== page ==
Ignored ED summons thrice:Revoking of passport may not get Vijay Mallya back to India

NEW DELHI: Prime Minister Narendra Modi’s global outreach to assert India’s clout on the world stage is all set to face its first test. India has fast-tracked the deportation of embattled businessman Vijay Mallya from the UK. Just days after suspending his diplomatic passport for four weeks, ministry of external affairs (MEA) has now revoked his passport. MEA spokesperson Vikas Swarup tweeted, “After having considered replies by Vijay Mallya, MEA revokes his passport under Section 10(3)(c) & (h) of Passports Act”.

However, legal experts feel that the revocation of Mallya’s passport is likely to have little impact in expediting his deportation. Under UK rules, Mallya does not require a valid passport to stay in the country. He has been given the “leave to remain” in the UK. It is unclear whether Mallya has been given an “indefinite leave to remain” by British authorities. In that case, Mallya would have been given what is known across the world as “permanent residency”. This, experts believe, would be reason enough for British authorities to reject his deportation to India for questioning in money laundering investigations launched against him by the Enforcement Directorate (ED).

With Mallya getting a leave to remain in the UK, the cancellation of the leave would also involve elaborate legal formalities. Under British rules, the power to cancel the leave to remain of an individual already in force cannot be exercised by an immigration officer acting on his own. Rules require the permissions of the chief immigration officer or an immigration inspector to even consider the cancellation of the leave to remain.

The grounds on which Mallya’s passport has been revoked under the Passports Act include doing it in the “interests of the sovereignty and integrity of India or in interest of the general public”.

The MEA’s decision comes just days after the ED sought the revocation to facilitate his deportation to India.

A similar sequence of events had unfolded in Lalit Modi’s case as well. The UK foreign commonwealth office (FCO) had rejected India’s request for Modi’s deportation saying that doing so would require legal sanction even though the former IPL czar’s passport had been revoked by Indian authorities.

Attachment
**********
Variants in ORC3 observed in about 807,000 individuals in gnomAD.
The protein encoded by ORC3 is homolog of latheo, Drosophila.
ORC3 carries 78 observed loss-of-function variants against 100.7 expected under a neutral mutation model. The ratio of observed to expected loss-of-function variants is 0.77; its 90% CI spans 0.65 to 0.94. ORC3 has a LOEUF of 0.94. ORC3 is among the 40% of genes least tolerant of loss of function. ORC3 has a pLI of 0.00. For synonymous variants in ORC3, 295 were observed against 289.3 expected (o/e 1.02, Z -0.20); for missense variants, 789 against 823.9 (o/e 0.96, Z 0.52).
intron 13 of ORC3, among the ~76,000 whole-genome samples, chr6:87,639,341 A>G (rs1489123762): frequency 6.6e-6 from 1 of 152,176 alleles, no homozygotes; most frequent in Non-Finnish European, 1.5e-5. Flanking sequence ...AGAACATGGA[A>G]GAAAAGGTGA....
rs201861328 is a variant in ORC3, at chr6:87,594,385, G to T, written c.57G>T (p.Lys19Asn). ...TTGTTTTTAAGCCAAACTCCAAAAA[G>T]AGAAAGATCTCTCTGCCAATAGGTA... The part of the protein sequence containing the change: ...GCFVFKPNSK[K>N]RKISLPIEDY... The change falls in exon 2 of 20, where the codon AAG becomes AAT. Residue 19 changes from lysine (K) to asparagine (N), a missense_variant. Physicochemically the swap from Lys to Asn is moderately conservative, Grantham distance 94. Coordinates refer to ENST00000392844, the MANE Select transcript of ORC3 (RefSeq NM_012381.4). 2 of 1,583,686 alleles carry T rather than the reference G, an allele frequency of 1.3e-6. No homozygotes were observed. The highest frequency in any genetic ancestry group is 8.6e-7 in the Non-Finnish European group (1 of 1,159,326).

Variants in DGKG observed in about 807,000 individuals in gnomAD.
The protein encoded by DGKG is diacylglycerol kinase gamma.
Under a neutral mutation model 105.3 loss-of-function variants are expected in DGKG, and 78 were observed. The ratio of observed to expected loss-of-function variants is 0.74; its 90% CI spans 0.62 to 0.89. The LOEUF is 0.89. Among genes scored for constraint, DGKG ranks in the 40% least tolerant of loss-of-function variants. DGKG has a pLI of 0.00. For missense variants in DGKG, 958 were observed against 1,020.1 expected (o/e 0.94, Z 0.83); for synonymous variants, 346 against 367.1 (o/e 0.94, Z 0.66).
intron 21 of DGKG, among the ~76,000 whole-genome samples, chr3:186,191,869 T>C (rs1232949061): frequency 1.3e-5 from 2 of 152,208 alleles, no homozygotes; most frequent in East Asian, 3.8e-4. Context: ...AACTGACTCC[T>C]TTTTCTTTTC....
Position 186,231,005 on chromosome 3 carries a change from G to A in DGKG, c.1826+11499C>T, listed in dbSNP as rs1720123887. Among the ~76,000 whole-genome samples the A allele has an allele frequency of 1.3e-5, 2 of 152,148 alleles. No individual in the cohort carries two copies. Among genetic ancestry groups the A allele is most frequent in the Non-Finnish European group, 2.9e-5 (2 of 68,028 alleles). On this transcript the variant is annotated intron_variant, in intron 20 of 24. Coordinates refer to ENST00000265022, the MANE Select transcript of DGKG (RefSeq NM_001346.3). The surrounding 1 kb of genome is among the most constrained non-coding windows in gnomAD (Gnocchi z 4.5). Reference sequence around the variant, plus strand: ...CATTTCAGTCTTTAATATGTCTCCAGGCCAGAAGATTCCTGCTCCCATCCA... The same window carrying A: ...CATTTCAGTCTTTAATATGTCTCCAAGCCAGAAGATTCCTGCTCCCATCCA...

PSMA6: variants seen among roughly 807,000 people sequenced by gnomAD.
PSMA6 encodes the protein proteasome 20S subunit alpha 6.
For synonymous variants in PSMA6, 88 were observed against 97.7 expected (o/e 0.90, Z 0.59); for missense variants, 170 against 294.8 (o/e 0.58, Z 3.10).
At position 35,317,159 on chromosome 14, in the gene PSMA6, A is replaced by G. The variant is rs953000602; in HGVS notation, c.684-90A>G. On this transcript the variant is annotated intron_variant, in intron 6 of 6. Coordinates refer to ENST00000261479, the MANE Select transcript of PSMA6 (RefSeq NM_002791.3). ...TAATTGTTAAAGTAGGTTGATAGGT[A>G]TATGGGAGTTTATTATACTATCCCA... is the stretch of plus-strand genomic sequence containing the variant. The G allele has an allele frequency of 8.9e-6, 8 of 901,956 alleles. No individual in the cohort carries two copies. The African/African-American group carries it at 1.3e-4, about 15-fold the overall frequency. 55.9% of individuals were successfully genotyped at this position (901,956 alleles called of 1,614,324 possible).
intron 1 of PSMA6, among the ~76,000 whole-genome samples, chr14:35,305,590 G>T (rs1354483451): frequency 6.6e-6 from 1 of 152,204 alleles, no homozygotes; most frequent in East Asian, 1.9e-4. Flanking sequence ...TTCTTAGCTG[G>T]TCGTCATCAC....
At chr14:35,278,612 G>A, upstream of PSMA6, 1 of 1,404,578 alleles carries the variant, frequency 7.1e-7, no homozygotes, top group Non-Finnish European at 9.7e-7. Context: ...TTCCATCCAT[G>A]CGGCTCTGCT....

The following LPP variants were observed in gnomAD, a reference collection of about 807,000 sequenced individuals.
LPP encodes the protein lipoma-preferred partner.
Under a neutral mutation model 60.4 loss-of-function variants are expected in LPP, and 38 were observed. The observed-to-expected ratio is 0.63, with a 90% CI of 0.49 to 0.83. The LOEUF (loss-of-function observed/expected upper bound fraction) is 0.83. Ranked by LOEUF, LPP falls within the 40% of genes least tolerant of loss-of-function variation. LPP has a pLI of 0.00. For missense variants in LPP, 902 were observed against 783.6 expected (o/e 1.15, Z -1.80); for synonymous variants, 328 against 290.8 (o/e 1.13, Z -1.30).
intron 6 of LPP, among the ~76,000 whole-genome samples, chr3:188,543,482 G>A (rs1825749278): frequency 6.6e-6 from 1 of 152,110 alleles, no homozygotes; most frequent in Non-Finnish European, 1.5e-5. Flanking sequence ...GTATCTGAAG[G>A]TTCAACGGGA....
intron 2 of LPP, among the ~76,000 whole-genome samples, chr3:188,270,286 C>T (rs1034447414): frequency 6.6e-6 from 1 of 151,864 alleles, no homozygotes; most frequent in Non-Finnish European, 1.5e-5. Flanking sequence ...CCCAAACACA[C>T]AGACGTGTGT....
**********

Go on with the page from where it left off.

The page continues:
ED officials told dna that the difference between Modi’s and Mallya’s case is that while the former was being investigated for violations under the Foreign Exchange Management Act (FEMA), the latter is being probed under the Prevention of Money Laundering Act (PMLA). Under PMLA, the ED can seek custodial interrogation of the accused person. FEMA violations do not require a person’s presence before investigators.

ED officials state that Mallya has refused to cooperate with them in their investigations. He has ignored three summons from the agency to appear before them in person. The ED was also trying to obtain a list of all his assets abroad through Indian banks. However, Mallya has been hesitant to disclose his overseas assets, maintaining that he is a non-resident Indian (NRI).

In an affidavit filed before the Supreme Court on April 21, 2016, Mallya described the ED’s measures to obtain information of his foreign assets as “coercive”. In a bid to prevent the ED from accessing information, Mallya has offered to give a list of all his foreign assets in a “sealed envelope” on April 26, when the case comes for hearing again in the apex court.

The ED, through banks, is also seeking information on the assets of Mallya’s estranged wife Rekha Mallya and his children Siddartha (28), Leana (23) and Tanya Mallya (20). All of them are American citizens. Mallya has said that he will give the list of his family’s overseas assets to the SC in a sealed envelope to prevent the disclosure of information to any third party.

Mallya has contended in court that banks did not have the right to seek information about his family’s assets since “these assets were never considered by the banks while granting loans to Kingfisher Airlines.”

Mallya has also maintained that his estranged wife, Rekha is not obliged to disclose her overseas assets even in her income tax (IT) returns since she is an NRI. Mallya has claimed similar protection for his three children, telling the court that they were not obliged to disclose their assets to Indian authorities since all of them were American citizens.

Posted by on April 25, 2016. Filed under Editorial. You can follow any responses to this entry through the RSS 2.0. Both comments and pings are currently closed.